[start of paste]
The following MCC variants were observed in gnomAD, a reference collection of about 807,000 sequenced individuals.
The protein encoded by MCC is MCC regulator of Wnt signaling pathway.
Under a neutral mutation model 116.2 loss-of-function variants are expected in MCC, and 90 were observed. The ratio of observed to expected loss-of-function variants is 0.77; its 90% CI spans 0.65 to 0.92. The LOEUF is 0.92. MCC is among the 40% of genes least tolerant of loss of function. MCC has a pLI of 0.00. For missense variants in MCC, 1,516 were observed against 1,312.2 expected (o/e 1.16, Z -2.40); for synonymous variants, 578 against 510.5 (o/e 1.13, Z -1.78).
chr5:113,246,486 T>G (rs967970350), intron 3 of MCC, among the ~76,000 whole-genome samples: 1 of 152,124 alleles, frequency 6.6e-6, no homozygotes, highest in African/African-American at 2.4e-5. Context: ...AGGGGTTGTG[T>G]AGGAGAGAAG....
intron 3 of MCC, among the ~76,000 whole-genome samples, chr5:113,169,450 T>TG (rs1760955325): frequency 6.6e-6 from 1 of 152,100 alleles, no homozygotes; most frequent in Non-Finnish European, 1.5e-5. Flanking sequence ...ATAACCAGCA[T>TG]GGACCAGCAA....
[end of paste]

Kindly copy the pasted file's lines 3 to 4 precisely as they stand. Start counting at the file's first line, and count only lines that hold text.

Under a neutral mutation model 116.2 loss-of-function variants are expected in MCC, and 90 were observed. The ratio of observed to expected loss-of-function variants is 0.77; its 90% CI spans 0.65 to 0.92. The LOEUF is 0.92. MCC is among the 40% of genes least tolerant of loss of function. MCC has a pLI of 0.00. For missense variants in MCC, 1,516 were observed against 1,312.2 expected (o/e 1.16, Z -2.40); for synonymous variants, 578 against 510.5 (o/e 1.13, Z -1.78).
chr5:113,246,486 T>G (rs967970350), intron 3 of MCC, among the ~76,000 whole-genome samples: 1 of 152,124 alleles, frequency 6.6e-6, no homozygotes, highest in African/African-American at 2.4e-5. Context: ...AGGGGTTGTG[T>G]AGGAGAGAAG....